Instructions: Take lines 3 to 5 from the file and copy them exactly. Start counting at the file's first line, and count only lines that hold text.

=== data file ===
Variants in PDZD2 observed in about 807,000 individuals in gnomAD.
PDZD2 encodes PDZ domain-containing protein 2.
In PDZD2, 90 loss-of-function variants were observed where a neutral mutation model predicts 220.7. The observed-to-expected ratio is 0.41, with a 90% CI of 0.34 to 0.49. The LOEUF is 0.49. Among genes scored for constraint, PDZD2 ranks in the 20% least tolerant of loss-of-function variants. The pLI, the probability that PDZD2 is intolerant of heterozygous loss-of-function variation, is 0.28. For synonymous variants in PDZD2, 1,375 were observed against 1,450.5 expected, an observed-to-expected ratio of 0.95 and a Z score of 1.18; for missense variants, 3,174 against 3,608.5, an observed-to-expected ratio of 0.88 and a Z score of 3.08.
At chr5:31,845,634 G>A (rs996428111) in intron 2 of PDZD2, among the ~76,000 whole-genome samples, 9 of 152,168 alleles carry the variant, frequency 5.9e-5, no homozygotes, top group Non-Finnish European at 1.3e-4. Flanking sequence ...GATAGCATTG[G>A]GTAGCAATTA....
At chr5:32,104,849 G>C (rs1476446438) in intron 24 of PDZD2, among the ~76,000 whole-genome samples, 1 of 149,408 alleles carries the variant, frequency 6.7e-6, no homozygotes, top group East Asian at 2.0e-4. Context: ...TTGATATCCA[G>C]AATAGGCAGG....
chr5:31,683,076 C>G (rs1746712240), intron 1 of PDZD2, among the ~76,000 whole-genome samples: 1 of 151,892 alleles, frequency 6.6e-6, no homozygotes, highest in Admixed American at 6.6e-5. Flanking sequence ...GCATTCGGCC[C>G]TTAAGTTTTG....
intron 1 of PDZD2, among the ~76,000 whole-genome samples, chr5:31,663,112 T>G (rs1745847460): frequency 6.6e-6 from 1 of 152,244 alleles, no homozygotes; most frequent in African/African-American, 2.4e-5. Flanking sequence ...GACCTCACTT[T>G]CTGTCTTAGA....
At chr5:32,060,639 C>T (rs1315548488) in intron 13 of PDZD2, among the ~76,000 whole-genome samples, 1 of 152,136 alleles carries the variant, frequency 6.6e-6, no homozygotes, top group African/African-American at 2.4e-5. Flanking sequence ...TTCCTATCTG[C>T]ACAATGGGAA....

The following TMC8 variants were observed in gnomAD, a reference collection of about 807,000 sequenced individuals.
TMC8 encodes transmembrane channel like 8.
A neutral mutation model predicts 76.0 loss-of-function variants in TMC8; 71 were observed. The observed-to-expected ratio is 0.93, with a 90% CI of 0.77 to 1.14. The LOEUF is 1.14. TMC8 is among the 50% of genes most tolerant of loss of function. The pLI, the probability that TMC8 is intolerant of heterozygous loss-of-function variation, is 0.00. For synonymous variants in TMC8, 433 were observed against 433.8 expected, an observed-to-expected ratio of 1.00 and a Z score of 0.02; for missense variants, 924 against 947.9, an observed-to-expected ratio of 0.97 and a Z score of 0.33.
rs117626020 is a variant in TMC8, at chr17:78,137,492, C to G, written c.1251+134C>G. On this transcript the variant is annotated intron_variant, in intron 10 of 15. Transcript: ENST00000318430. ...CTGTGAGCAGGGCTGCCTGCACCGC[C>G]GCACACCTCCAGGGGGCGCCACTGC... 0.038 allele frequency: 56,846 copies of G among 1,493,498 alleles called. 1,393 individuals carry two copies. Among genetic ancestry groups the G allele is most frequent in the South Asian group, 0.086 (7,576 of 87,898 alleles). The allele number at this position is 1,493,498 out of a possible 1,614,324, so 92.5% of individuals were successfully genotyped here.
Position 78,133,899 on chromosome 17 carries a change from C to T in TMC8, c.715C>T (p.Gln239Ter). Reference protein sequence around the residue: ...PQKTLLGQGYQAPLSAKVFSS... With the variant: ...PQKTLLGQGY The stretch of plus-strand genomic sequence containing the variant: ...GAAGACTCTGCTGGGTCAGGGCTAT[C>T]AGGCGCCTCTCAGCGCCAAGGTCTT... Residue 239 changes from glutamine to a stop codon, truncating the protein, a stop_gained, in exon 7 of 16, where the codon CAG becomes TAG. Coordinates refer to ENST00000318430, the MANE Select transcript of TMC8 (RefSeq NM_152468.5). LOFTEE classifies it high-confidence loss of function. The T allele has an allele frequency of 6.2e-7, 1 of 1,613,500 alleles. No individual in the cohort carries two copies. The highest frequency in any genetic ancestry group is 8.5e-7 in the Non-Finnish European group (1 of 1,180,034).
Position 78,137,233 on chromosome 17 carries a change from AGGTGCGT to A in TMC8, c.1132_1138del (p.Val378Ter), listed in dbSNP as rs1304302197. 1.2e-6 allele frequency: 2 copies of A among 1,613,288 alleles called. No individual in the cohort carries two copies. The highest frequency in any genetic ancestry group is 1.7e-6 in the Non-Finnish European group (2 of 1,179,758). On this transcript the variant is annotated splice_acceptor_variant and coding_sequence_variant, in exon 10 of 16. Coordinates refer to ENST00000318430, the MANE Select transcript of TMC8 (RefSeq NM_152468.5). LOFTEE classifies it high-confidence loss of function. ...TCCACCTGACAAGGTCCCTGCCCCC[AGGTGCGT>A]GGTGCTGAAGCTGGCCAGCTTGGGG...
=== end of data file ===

In PDZD2, 90 loss-of-function variants were observed where a neutral mutation model predicts 220.7. The observed-to-expected ratio is 0.41, with a 90% CI of 0.34 to 0.49. The LOEUF is 0.49. Among genes scored for constraint, PDZD2 ranks in the 20% least tolerant of loss-of-function variants. The pLI, the probability that PDZD2 is intolerant of heterozygous loss-of-function variation, is 0.28. For synonymous variants in PDZD2, 1,375 were observed against 1,450.5 expected, an observed-to-expected ratio of 0.95 and a Z score of 1.18; for missense variants, 3,174 against 3,608.5, an observed-to-expected ratio of 0.88 and a Z score of 3.08.
At chr5:31,845,634 G>A (rs996428111) in intron 2 of PDZD2, among the ~76,000 whole-genome samples, 9 of 152,168 alleles carry the variant, frequency 5.9e-5, no homozygotes, top group Non-Finnish European at 1.3e-4. Flanking sequence ...GATAGCATTG[G>A]GTAGCAATTA....
At chr5:32,104,849 G>C (rs1476446438) in intron 24 of PDZD2, among the ~76,000 whole-genome samples, 1 of 149,408 alleles carries the variant, frequency 6.7e-6, no homozygotes, top group East Asian at 2.0e-4. Context: ...TTGATATCCA[G>C]AATAGGCAGG....